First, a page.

Latest airline merger squeezing down number of hubs

Latest airline merger squeezing down number of hubs

Even a new mega-carrier airline doesn’t need dozens of service hubs. According to recent reports, once the dust has settled from the American Airlines and US Airways merge, there will be a good many airports left with no service from the new super-carrier.

It’s believed that Los Angeles, New York, Dallas-Fort Worth, Miami and Chicago are most likely to remain in use, leaving thousands of loyal customers stranded in the cities that aren’t chosen.  While even the biggest airline in the world doesn’t need hundreds of hubs, the fact remains the merger will greatly increase the number of potential passengers needing to get from point A to point B. Aviation experts agree that limiting service to eight hubs would hurt the merged carrier, making things too complex and just not able to meet enough travel needs for potential passengers.  The hubs most at risk? US Airway terminals in Charlotte, North Carolina, Philadelphia and Phoenix.

The possibility of service loss has quite a number of chambers of commerce, mayors and airport managers worried and putting together plans to pitch why their cities should stay on the list of active hubs. When you stop and think about it, hubs aren’t just landmarks but are major sources of incomes for the areas they are located in.  Frequent flights in and out make each hub an enticement for both business and leisure travelers. When you think of the billions of dollars spent by state and local governments for airport improvements, if an airline pulls their service from a particular airport, it devalues those investments and hurts the local economy.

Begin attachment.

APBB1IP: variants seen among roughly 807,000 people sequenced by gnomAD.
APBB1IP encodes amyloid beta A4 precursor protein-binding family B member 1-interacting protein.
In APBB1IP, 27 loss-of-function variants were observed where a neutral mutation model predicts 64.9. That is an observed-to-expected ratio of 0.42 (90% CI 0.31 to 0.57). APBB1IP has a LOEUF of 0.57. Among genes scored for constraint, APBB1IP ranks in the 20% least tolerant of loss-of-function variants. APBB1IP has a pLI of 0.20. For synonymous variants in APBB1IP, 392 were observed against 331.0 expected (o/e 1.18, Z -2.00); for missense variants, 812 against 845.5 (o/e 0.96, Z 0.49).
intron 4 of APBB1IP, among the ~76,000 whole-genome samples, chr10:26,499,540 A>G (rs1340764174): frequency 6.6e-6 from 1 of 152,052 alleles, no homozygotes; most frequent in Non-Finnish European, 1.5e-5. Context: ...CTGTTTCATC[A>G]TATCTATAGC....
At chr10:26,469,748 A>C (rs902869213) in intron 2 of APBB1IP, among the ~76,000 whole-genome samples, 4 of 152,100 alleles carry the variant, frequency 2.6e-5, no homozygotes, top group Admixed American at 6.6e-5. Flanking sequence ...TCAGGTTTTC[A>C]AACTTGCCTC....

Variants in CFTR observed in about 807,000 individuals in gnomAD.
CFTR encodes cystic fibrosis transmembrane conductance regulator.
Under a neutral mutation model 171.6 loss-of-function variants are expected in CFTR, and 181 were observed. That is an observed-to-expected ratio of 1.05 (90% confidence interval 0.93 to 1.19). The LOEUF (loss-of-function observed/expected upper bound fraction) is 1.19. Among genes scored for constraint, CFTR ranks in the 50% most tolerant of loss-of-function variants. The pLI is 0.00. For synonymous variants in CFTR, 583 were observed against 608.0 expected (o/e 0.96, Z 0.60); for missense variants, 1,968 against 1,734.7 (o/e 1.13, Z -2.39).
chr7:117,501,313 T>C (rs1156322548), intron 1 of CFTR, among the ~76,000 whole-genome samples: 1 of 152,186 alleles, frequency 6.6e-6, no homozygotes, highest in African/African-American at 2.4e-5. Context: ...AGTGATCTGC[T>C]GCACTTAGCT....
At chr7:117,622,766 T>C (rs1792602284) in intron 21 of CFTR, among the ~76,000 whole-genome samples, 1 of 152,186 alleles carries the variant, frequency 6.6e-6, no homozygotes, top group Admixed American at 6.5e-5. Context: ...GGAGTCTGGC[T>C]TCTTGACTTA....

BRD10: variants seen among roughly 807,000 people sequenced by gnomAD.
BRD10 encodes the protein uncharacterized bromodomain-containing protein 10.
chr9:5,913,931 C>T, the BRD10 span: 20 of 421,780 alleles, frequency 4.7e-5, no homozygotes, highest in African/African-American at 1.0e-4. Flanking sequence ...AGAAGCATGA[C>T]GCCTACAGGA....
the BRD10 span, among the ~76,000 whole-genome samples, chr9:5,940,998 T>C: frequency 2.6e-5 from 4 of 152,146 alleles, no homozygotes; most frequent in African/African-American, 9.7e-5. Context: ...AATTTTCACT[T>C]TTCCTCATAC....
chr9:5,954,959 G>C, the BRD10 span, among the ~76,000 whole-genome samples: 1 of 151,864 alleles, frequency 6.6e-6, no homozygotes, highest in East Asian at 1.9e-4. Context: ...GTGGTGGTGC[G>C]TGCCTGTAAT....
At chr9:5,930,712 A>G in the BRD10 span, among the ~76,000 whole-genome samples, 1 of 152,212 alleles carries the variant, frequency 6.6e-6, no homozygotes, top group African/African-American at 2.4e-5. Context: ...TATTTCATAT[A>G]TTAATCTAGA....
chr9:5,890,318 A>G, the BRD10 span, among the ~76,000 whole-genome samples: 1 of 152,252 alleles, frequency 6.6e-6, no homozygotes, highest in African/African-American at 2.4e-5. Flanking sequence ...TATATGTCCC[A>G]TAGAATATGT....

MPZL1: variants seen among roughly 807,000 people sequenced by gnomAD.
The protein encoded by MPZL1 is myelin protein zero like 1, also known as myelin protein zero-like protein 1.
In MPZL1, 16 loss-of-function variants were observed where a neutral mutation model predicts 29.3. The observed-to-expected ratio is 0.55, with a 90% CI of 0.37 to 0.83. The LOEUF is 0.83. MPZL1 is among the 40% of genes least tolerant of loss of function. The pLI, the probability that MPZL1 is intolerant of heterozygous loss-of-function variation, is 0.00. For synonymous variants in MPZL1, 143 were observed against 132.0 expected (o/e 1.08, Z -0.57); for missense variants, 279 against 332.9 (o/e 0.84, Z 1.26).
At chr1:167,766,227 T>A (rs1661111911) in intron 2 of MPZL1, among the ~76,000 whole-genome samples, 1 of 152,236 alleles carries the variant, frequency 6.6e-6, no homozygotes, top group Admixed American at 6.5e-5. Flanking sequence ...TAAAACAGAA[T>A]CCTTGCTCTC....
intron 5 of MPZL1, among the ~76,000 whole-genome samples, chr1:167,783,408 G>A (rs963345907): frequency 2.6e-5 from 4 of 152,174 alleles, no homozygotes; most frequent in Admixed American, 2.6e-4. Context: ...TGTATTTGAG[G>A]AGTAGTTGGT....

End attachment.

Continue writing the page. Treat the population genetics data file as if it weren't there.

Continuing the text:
US Airways execs have stated that the plan is to keep all eight hubs used by both airlines. However, past mergers of other carriers have often resulted in fewer hubs being kept in service in the long run.  US Airways had already begun winding down service in Pittsburgh since 2001. The slowdown and eventual leaving has resulted in thousands of jobs lost and whole terminals no longer in use.  Service dropped from over 20 million to less than 8 million passengers each year.  The 2001 buyout of Trans World by American’s parent company, AMR, resulted in TWA’s St. Louis hub shortly after over $1 billion dollars spent to build a new expanded runway.

The new mega- carrier will be based in Texas near the Dallas-Fort Worth International Airport.  The move will cause a huge loss for Phoenix where US Airways was based.


Email address: Mark (at) KabirNews.com

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